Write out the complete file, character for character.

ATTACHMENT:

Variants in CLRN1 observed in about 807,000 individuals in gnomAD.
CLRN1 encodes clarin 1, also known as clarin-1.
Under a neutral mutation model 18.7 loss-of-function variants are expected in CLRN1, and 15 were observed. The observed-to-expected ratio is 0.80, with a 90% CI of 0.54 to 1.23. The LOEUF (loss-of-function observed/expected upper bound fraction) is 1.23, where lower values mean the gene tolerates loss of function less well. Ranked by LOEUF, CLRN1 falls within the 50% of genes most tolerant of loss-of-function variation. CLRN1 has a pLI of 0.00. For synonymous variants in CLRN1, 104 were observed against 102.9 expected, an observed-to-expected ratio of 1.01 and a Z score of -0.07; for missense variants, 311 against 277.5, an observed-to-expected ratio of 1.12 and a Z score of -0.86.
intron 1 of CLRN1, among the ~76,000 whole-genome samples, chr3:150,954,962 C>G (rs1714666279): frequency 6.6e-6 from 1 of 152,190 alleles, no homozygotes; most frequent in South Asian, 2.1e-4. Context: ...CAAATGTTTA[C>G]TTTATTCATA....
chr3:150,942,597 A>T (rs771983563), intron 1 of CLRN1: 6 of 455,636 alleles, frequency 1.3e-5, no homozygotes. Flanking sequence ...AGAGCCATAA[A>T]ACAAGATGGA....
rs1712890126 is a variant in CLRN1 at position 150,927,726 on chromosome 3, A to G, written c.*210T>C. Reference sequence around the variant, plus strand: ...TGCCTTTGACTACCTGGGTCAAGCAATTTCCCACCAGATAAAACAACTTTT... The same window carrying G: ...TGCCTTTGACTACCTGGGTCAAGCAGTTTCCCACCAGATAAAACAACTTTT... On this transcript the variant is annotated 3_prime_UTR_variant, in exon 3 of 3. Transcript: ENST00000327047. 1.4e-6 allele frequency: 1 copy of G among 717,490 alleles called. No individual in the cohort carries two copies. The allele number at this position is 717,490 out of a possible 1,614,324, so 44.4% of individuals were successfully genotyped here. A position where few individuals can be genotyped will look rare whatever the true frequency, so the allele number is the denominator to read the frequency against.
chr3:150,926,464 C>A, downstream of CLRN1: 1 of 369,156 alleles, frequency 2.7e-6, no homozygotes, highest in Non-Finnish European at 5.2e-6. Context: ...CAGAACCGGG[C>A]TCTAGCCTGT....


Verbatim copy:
Variants in CLRN1 observed in about 807,000 individuals in gnomAD.
CLRN1 encodes clarin 1, also known as clarin-1.
Under a neutral mutation model 18.7 loss-of-function variants are expected in CLRN1, and 15 were observed. The observed-to-expected ratio is 0.80, with a 90% CI of 0.54 to 1.23. The LOEUF (loss-of-function observed/expected upper bound fraction) is 1.23, where lower values mean the gene tolerates loss of function less well. Ranked by LOEUF, CLRN1 falls within the 50% of genes most tolerant of loss-of-function variation. CLRN1 has a pLI of 0.00. For synonymous variants in CLRN1, 104 were observed against 102.9 expected, an observed-to-expected ratio of 1.01 and a Z score of -0.07; for missense variants, 311 against 277.5, an observed-to-expected ratio of 1.12 and a Z score of -0.86.
intron 1 of CLRN1, among the ~76,000 whole-genome samples, chr3:150,954,962 C>G (rs1714666279): frequency 6.6e-6 from 1 of 152,190 alleles, no homozygotes; most frequent in South Asian, 2.1e-4. Context: ...CAAATGTTTA[C>G]TTTATTCATA....
chr3:150,942,597 A>T (rs771983563), intron 1 of CLRN1: 6 of 455,636 alleles, frequency 1.3e-5, no homozygotes. Flanking sequence ...AGAGCCATAA[A>T]ACAAGATGGA....
rs1712890126 is a variant in CLRN1 at position 150,927,726 on chromosome 3, A to G, written c.*210T>C. Reference sequence around the variant, plus strand: ...TGCCTTTGACTACCTGGGTCAAGCAATTTCCCACCAGATAAAACAACTTTT... The same window carrying G: ...TGCCTTTGACTACCTGGGTCAAGCAGTTTCCCACCAGATAAAACAACTTTT... On this transcript the variant is annotated 3_prime_UTR_variant, in exon 3 of 3. Transcript: ENST00000327047. 1.4e-6 allele frequency: 1 copy of G among 717,490 alleles called. No individual in the cohort carries two copies. The allele number at this position is 717,490 out of a possible 1,614,324, so 44.4% of individuals were successfully genotyped here. A position where few individuals can be genotyped will look rare whatever the true frequency, so the allele number is the denominator to read the frequency against.
chr3:150,926,464 C>A, downstream of CLRN1: 1 of 369,156 alleles, frequency 2.7e-6, no homozygotes, highest in Non-Finnish European at 5.2e-6. Context: ...CAGAACCGGG[C>A]TCTAGCCTGT....